There's never a shortage of bears on Wall Street.

Even stellar stocks attract shorts, drawing speculators who bet on falling stock prices and cover their positions when they believe that the carnage is over.

It's been awhile since I went over the list of the most heavily shorted companies and the possible reasons for the bearish wagers.


Let's dive back in by checking out the companies with the largest number of shares sold short as of Jan. 15.

 Company

Jan. 15

Dec. 31

Sirius XM Radio

379.0 million

355.4 million

Nokia

312.5 million

291.7 million

Frontier Communications

213.6 million

212.5 million

Intel

205.8 million

215.5 million

Bank of America

164.4 million

186.6 million

Source: Barron's.

Feeding the bears
Now it bears pointing out that short interest actually fell slightly for both exchanges, so it's even more noteworthy that the first three names on the list actually saw their number of naysayers grow through the first two weeks of the month.

Sirius XM is at its highest level of shorting activity over the past year, even though it impressed investors earlier in the month by revealing that it closed out 2012 with 2 million net subscriber additions. Its guidance when the year began called for just 1.3 million net additions.

Nokia continues to be a laggard in the smartphone market, though it did post healthy sales for its Lumia devices during the holiday quarter. However, the shorts won big last week as the Finnish handset maker's stock tumbled when it nixed its dividend.

Frontier Communications may be considered a dangerous short because of its beefy 8.9% yield. Shorts have to account for the dividends. However, skeptics remain for the regional telecom operator, which provides phone, Internet, and television services in underserved rural markets.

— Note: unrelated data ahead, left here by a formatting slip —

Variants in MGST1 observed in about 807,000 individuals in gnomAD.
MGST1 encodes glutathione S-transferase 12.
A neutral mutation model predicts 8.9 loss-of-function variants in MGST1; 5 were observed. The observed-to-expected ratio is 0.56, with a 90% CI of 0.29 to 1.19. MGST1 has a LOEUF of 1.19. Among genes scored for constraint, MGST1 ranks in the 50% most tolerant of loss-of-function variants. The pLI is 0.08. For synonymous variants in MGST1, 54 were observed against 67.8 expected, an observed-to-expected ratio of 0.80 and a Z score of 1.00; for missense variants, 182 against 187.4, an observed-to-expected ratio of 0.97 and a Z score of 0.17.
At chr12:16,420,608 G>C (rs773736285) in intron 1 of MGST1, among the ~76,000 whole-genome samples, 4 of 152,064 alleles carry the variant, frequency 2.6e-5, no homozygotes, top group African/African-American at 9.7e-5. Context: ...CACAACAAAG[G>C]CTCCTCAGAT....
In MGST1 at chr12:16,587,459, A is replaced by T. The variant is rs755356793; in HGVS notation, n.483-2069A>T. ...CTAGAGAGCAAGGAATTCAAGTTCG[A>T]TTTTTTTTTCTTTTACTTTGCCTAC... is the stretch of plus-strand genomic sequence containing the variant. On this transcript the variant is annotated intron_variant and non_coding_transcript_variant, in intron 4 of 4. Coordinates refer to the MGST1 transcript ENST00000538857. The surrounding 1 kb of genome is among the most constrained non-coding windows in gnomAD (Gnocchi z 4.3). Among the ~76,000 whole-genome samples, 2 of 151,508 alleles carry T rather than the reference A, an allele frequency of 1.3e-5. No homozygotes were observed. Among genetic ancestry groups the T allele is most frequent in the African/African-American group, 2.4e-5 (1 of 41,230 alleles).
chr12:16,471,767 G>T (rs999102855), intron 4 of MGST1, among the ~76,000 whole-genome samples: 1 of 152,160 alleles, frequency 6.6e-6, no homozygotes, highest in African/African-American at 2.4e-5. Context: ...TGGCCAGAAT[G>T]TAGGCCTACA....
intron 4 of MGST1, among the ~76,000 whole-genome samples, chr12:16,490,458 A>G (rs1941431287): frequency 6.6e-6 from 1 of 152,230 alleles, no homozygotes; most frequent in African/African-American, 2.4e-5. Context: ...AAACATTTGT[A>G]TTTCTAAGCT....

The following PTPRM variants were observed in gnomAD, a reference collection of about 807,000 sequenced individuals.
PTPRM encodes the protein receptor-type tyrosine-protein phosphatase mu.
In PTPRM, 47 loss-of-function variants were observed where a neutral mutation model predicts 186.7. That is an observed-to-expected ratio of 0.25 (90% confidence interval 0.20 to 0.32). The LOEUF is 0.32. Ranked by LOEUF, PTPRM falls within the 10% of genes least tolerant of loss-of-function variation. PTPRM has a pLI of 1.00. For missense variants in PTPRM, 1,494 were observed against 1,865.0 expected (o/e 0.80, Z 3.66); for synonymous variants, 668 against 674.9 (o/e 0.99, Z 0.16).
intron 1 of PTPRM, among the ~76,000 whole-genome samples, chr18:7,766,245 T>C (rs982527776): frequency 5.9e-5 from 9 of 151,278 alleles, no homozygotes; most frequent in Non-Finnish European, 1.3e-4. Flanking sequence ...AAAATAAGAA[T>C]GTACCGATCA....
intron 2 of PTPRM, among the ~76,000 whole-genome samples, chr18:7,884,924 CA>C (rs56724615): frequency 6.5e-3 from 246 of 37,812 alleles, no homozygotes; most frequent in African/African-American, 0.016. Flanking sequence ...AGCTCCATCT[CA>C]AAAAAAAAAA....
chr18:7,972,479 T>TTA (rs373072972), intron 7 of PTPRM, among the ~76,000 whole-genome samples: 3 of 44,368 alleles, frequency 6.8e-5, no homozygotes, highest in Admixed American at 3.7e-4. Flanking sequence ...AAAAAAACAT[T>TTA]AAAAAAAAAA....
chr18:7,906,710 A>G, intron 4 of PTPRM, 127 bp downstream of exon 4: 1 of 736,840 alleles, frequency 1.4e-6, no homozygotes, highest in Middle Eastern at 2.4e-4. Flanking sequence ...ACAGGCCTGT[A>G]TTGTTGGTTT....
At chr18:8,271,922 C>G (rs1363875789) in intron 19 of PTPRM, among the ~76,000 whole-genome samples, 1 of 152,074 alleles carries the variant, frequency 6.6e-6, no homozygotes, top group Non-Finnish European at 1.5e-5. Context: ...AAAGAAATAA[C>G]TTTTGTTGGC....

Intel is the chip giant that just happens to be the top dog in microprocessors. Intel also packs a payout punch with its 4.3% yield. However, the bet here is that as PCs continue to shrink in popularity, Intel won't be able to improve its position in consumer tech markets that are actually growing.

Finally, we have Bank of America. The "too big to fail" banking giant apparently has plenty of people thinking that it will fail -- or at least temporarily falter. Bank of America is routinely among the most actively traded stocks on the New York Stock Exchange, so it's not exactly a shock to have so many shares sold short.

Waiting is the hardest part
All five of these companies have their challenges, but it's not as if any of them are going away anytime soon. Only Frontier is expected to post a decline in revenue this year.

However, it would be a boring marketplace if everyone was bullish.

Instead of looking down, how about looking up in 2013? The Motley Fool's chief investment officer has selected his No. 1 stock for the new year. Find out which stock it is in our brand-new free report: "The Motley Fool's Top Stock for 2013." I invite you to take a copy, free for a limited time. Just click here to access the report and find out the name of this under-the-radar company.

The article 5 Stocks That You Love to Hate originally appeared on Fool.com.

Longtime Fool contributor Rick Aristotle Munarriz has no position in any stocks mentioned. The Motley Fool recommends Intel. The Motley Fool owns shares of Bank of America and Intel. Try any of our Foolish newsletter services free for 30 days. We Fools may not all hold the same opinions, but we all believe that considering a diverse range of insights makes us better investors. The Motley Fool has a disclosure policy.

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